Communication Aspects of Computation of Systems of Finite Automata

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Many computing systems can be modeled by systems of cooperating finite automata. In fact, any existing physical device is finite, even...

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Available from: Tomasz Jurdzinski, May 06, 2013
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    ABSTRACT: We consider systems consisting of a constant number of finite automata communicating via messages. We assume that the automata are asynchronous, but the answers given by the system must be always correct. We examine computational power of such systems by inspecting the number of messages exchanged. This is motivated by the fact that communication volume is one of the most important complexity measures. We show that any asynchronous system of finite automata that exchanges o(n) messages is able to recognize regular languages only. This is much different than in the case of synchronous systems considered before (where already a constant number of messages suffices to recognize some non-regular languages). We show that asynchronous and synchronous systems may differ significantly in their computational power also for tasks requiring ( n) messages. We consider a language Ltrans consisting of words of the form A#A T , where A T denotes transposition of matrix A and the matrices are written row by row. While it is easy to see thatLtrans can be recognized withO(n) messages by a synchronous system of finite automata, we show thatLtrans requires ( n 3=2 = log 2 n) messages on any asynchronous system.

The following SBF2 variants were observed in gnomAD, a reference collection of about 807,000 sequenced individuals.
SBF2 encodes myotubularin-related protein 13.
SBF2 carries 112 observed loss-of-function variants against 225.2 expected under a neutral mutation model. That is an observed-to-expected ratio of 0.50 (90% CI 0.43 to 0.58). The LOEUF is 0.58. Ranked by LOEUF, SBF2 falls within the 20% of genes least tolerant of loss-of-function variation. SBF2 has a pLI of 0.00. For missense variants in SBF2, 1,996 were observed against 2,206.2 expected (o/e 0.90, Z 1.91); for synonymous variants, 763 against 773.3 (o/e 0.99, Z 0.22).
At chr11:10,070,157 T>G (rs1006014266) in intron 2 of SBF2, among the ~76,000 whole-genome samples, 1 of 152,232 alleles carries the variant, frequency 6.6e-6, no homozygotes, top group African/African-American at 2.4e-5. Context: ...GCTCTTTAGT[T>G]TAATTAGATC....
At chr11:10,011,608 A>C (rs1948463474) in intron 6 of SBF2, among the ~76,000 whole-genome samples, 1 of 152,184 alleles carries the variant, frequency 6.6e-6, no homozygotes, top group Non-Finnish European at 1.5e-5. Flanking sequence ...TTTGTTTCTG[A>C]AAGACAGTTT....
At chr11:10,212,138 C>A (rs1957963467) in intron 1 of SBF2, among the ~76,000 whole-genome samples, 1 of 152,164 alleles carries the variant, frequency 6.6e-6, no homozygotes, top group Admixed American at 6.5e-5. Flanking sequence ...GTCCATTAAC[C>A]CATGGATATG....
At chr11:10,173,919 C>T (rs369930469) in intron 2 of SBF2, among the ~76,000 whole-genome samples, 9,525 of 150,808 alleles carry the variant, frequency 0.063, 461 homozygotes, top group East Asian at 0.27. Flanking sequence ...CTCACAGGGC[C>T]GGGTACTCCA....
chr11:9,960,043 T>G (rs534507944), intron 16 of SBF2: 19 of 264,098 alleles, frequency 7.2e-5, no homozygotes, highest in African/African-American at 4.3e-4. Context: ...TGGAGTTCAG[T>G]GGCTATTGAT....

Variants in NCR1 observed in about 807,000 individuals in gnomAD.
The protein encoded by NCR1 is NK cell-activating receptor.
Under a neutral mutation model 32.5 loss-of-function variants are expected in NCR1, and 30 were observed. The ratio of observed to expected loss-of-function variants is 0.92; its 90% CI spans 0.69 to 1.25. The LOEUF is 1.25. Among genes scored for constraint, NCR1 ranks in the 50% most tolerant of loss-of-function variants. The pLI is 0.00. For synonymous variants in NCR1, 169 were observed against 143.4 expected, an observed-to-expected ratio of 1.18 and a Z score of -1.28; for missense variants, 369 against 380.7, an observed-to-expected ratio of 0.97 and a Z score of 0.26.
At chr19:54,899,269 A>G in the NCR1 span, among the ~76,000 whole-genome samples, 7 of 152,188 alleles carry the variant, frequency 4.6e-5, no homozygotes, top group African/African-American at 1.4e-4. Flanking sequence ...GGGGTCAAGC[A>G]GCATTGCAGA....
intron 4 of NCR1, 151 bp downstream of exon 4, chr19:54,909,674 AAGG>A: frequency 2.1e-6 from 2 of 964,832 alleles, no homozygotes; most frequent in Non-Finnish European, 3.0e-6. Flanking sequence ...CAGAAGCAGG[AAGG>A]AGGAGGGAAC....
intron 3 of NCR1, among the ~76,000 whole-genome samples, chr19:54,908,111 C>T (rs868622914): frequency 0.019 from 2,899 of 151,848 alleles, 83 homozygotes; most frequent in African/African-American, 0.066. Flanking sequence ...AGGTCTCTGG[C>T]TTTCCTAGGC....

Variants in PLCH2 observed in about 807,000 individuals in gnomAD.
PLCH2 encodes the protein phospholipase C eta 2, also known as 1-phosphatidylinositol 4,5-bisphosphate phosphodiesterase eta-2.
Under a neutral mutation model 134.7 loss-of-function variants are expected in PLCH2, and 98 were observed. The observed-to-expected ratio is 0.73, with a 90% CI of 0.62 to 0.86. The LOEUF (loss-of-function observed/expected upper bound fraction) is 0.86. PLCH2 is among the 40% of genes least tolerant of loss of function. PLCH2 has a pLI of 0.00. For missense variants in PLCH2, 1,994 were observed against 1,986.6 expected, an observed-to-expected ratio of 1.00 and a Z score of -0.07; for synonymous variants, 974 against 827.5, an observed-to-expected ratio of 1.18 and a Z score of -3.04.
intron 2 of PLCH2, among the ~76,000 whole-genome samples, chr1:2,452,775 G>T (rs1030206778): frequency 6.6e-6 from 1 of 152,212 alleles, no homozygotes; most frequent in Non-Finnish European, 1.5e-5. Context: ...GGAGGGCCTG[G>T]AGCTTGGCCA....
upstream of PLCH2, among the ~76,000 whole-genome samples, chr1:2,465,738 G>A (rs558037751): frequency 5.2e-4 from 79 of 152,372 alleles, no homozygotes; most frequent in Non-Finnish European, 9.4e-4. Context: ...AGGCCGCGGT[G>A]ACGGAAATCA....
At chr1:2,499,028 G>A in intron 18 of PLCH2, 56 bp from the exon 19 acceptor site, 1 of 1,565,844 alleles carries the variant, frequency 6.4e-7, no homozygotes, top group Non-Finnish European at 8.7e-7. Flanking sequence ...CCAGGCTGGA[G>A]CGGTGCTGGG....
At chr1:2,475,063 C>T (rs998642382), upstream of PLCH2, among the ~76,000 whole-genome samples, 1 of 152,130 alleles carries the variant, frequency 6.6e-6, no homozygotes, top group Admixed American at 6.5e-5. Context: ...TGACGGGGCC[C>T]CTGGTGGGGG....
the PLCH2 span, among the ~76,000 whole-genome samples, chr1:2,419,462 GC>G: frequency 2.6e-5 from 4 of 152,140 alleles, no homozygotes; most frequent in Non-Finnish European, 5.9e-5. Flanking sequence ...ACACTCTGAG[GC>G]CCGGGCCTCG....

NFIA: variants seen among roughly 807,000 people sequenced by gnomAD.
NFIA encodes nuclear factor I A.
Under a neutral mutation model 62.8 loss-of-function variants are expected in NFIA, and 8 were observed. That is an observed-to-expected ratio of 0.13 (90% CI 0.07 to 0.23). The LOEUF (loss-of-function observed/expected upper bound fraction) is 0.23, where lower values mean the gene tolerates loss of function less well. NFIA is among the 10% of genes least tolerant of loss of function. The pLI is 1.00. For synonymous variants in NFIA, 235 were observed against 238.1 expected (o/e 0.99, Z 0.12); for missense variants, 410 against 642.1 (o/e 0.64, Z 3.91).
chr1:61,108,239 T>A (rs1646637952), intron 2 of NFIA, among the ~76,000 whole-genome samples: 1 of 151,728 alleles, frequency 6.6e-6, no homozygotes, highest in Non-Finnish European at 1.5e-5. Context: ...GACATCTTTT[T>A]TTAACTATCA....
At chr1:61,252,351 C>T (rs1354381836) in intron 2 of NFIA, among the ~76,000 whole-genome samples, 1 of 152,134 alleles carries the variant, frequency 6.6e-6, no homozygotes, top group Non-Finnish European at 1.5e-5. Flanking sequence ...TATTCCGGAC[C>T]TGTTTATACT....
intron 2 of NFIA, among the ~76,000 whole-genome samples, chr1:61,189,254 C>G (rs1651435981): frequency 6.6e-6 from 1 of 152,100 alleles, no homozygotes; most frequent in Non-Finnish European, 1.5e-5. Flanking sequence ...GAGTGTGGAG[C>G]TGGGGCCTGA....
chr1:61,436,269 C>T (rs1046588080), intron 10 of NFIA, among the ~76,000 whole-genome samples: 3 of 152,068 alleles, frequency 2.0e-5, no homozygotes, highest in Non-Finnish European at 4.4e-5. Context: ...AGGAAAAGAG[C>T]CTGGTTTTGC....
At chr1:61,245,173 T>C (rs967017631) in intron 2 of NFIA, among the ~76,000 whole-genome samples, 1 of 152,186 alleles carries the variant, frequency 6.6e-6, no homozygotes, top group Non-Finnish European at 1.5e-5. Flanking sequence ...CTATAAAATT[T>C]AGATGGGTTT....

Full-text · Conference Paper · Jan 2001
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    ABSTRACT: So far, not much is known on communication issues for computations on distributed systems, where the components are weak and simultaneously the communication bandwidth is severely limited. We consider synchronous systems consisting of finite automata which communicate by sending messages while working on a shared read-only data. We consider the number of messages necessary to recognize a language as a its complexity measure. We present an interesting phenomenon that the systems described require either a constant number of messages or at least Ω((log log log n)c) of them (in the worst case) for input data of length n and some constant c. Thus, in the hierarchy of message complexity classes there is a gap between the languages requiring only O(1) messages and those that need a non-constant number of messages. We show a similar result for systems of one-way automata. In this case, there is no language that requires ω(1) and o(log n) messages (in the worst case). These results hold for any fixed number of automata in the system. The lower bound arguments presented in this paper depend very much on results concerning solving systems of diophantine equations and in- equalities.
    Full-text · Conference Paper · Jul 2001